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Sunday, October 22, 2006

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29th Sunday Ordinary Time

Isaiah 53:10-11
Hebrews 4:14-16
Psalm 33
Mark 10:35-45

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good and bad suffering

"Through His suffering, My Servant shall justify many, and their guilt He shall bear." —Isaiah 53:11

The Lord removes some sufferings from our lives to make room for other sufferings which are redemptive. He heals us to free us to be vulnerable and exposed to hurt. He gives us the grace to love ourselves so we have courage to be hated and persecuted for the sake of the gospel. He blesses us with self-acceptance and a good self-image so we will be able to suffer rejection and contempt.

Jesus wants to forgive and heal us, and thereby deliver us from all useless suffering. "He went about doing good works and healing all who were in the grip of the devil" (Acts 10:38). Jesus has declared war on sickness, suffering, and bondage. "It was to destroy the devil's works that the Son of God revealed Himself" (1 Jn 3:8).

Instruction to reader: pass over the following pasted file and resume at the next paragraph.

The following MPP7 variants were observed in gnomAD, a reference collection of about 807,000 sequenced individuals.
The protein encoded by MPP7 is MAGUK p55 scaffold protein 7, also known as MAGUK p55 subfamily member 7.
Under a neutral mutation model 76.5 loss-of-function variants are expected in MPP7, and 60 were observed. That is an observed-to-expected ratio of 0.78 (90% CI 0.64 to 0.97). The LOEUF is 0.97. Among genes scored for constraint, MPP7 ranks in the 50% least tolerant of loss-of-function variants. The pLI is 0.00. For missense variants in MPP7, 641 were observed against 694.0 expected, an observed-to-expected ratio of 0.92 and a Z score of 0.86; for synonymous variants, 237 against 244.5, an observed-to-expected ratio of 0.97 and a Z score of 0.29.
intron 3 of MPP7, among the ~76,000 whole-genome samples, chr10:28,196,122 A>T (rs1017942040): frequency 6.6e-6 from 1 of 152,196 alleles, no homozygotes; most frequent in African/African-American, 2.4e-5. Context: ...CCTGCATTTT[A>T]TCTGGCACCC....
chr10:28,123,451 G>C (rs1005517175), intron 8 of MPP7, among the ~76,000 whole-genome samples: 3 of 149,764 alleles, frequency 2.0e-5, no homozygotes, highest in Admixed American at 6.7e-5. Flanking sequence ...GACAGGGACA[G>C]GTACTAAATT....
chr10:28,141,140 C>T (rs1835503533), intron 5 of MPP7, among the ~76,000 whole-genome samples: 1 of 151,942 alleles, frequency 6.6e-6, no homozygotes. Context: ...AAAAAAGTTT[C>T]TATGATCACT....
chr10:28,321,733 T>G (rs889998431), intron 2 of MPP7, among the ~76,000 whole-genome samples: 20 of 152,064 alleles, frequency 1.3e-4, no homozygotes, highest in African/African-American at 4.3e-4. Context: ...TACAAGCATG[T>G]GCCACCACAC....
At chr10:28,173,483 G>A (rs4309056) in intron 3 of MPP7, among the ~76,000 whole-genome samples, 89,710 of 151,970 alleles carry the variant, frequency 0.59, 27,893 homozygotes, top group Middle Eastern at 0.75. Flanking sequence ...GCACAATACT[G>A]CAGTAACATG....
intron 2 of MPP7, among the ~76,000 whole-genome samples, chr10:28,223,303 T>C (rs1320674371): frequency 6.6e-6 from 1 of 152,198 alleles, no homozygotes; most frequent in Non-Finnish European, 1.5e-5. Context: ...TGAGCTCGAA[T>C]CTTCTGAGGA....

This does not mean that suffering has no part in God's plan of salvation. Suffering in the pattern of Jesus' death is good, redemptive, and to be sought after in prayer (Phil 3:10). This suffering is for the kingdom (2 Thes 1:5) and fills up what is lacking in the sufferings of Christ for the sake of His body, the Church (Col 1:24). Jesus asks: "Can you drink the cup I shall drink or be baptized in the same bath of pain as I?" (Mk 10:38)

Prayer:  Jesus, I ask to suffer and know how to suffer in the pattern of Your death (Phil 3:10).

Promise:  "For we do not have a High Priest Who is unable to sympathize with our weakness, but One Who was tempted in every way that we are, yet never sinned." —Heb 4:15

Praise:  Praise the risen Jesus, Who trusted totally in His Father even through His worst suffering.

Reference:  (For a related teaching, order our tape Redemptive Suffering on audio AV 75-1 or video V-75.)

Rescript:  †Most Reverend Carl K. Moeddel, Vicar General and Auxiliary Bishop of the Archdiocese of Cincinnati, April 6, 2006

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